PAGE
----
The night sulks as they leap at your neck in the shadowed dusk, graveyard smoke and slick black hair comes flying in a rage as The Cramps move in with their second studio album, Psychedelic Jungle.
A mix of half cover tracks and half original compositions, Psychedelic Jungleis a sunset drive through the desert night. It is the Californian cowboy story Led by Lux Interior, Poison Ivy Rorschach, Kid Congo Powers, and Nick Knox making up the instrumentation and vocalization of the band. The group felt more like the villains of rock n’ roll who could take the step from the 50’s and 60’s pop culture, shaping something new and deadly.
The band opens with a cover of “Green Fuz” by none other than Green Fuzz. It is a jumping tune with a rifling guitar that shifts and works within different lead sections without following a specific pattern of operation. Opening the flood gates with the care-free style, The Cramps are uplifting and inviting within the first minutes of Psychedelic Jungle.The percussion swinging and Lux Interior being able to form his sly, but sultry sense of style behind his actual delivery is inspiring. The listener is constantly falling into these different emotional bouts of high flying love, then into the pits of despair as The Cramps shift into these different breeds of animal.
Shown on the clicking “Rockin’ Bones”, the guitar is a western whirl with that twang and stagger. It feels so tough, anchored, but easy to swallow as The Cramps has this approachable nature behind their sound. There is never a sense of overpowering nature or abrasive grasp behind their rattlesnake ways of slithering into position and attacking. “Rockin’ Bones” acts more as an interlude which leads The Cramps into the darkness fueled jump of “Voodoo Idol”. Another track that relies on that desert feel, but provides a foundation behind the snap of the snare that grabs the head and forces the listener to move along in a stiff movement.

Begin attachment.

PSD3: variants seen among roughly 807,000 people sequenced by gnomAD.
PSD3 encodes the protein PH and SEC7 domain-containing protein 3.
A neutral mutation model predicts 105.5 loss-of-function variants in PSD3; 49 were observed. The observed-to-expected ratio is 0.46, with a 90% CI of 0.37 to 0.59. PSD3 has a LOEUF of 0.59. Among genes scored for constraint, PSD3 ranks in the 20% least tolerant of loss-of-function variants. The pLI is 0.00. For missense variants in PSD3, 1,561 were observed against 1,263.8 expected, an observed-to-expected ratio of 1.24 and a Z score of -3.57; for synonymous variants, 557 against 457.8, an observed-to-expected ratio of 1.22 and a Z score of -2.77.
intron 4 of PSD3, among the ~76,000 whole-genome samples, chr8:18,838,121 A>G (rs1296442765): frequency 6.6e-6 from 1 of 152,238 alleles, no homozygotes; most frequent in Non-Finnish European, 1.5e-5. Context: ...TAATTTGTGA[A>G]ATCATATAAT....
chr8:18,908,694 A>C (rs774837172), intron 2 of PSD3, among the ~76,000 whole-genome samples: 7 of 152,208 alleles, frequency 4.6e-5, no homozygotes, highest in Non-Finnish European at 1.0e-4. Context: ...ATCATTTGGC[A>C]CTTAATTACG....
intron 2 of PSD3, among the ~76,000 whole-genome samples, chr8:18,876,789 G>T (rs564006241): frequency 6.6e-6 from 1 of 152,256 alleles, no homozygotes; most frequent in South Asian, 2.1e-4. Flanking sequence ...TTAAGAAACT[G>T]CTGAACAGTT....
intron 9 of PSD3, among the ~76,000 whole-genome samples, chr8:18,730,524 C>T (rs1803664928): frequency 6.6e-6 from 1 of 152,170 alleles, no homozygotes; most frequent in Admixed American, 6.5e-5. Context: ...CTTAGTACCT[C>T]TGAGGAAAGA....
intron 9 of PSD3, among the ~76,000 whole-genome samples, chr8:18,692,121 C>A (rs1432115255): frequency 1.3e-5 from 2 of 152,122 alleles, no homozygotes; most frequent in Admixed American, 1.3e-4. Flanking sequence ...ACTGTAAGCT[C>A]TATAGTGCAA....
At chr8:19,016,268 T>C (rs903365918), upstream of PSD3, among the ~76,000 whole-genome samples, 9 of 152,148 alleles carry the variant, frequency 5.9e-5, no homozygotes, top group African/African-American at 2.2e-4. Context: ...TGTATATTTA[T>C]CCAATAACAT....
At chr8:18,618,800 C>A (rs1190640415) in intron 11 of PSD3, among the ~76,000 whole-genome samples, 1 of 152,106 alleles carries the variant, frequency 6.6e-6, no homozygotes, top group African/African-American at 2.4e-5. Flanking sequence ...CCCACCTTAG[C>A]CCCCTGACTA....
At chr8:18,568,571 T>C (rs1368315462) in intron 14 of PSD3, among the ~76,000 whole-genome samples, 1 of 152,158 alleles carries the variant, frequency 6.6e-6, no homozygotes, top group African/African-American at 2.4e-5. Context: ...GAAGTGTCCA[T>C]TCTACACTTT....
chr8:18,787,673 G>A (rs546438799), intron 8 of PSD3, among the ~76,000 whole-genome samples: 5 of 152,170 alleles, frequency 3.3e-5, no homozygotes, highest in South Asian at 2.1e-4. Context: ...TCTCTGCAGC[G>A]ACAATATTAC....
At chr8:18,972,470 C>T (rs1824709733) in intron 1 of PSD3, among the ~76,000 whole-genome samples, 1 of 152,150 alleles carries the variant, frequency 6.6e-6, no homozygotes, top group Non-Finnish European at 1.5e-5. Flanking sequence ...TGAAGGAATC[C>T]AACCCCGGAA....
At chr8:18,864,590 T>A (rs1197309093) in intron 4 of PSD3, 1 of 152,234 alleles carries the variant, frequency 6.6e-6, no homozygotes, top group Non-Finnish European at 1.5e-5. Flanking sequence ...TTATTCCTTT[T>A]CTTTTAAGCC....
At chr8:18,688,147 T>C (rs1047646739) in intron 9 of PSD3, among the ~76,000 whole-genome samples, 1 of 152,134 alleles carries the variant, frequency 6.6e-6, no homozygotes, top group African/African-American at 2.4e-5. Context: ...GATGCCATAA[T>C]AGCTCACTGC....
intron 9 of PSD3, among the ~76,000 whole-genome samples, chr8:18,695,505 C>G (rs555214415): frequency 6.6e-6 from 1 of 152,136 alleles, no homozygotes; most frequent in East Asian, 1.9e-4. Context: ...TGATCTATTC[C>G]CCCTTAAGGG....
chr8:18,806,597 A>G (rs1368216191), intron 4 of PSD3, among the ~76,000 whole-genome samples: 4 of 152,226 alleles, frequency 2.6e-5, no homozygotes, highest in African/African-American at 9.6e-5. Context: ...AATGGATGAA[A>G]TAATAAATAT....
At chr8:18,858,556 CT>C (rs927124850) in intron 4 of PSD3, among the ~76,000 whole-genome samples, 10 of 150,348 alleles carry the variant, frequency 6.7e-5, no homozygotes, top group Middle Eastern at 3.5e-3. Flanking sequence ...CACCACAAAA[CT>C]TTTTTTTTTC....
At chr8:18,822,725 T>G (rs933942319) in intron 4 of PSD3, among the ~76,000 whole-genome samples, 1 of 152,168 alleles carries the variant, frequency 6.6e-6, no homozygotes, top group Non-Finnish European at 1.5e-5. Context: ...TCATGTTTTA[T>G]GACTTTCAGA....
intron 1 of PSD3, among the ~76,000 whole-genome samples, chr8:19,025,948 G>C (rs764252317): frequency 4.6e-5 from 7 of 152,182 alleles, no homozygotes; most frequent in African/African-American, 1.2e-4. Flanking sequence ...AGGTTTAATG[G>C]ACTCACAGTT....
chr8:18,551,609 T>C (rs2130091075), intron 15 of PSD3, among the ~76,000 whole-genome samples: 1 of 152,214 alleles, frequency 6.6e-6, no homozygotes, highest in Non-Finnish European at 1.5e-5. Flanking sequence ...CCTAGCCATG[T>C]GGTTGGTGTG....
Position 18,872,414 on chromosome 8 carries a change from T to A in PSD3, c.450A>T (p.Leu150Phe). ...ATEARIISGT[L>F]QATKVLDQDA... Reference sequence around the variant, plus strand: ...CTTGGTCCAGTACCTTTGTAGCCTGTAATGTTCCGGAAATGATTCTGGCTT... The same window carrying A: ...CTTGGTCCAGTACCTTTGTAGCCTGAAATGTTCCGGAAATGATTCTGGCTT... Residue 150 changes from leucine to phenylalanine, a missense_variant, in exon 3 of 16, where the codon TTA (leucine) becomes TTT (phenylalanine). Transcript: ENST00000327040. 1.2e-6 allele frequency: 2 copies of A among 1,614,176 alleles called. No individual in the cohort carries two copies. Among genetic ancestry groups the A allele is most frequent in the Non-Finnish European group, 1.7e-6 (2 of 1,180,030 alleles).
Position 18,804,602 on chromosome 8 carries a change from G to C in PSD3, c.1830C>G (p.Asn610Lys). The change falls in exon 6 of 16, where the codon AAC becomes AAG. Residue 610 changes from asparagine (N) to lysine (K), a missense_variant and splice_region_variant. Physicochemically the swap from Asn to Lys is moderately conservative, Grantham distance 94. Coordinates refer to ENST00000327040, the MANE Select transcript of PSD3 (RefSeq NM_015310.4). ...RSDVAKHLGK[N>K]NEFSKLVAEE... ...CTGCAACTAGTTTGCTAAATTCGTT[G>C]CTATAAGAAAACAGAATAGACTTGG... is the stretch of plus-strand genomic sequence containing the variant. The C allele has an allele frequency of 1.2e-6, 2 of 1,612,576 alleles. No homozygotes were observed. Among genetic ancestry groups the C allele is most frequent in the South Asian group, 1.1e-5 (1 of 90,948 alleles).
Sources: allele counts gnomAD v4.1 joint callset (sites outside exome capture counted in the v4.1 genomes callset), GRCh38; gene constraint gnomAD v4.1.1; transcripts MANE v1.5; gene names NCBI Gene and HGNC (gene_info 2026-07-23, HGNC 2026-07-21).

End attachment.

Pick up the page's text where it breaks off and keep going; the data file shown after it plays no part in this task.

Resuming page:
“Primitive” captures these Californian-esque vampire touch that subtly slides in with the rhymes of “Primitive, that’s how I live. Primitive, I’ll take what you give.” Interior moves well in front of the guitar work of Kid Congo Powers and Poison Ivy Rorschach who together act as a multi-headed machine that feeds into the instrumentation. The Cramps have a distinct style of working around that guitar work and forming a sense of entertaining, but mostly lighting flashes of classiness as well.
There is a strange balance behind their music that makes Primitive Jungle an intriguing album from start to finish. It is a controlled animal that is stuffed into a cage and ready to break free at any moment. They lie and wait for the sun to fall, then The Cramps come out at night.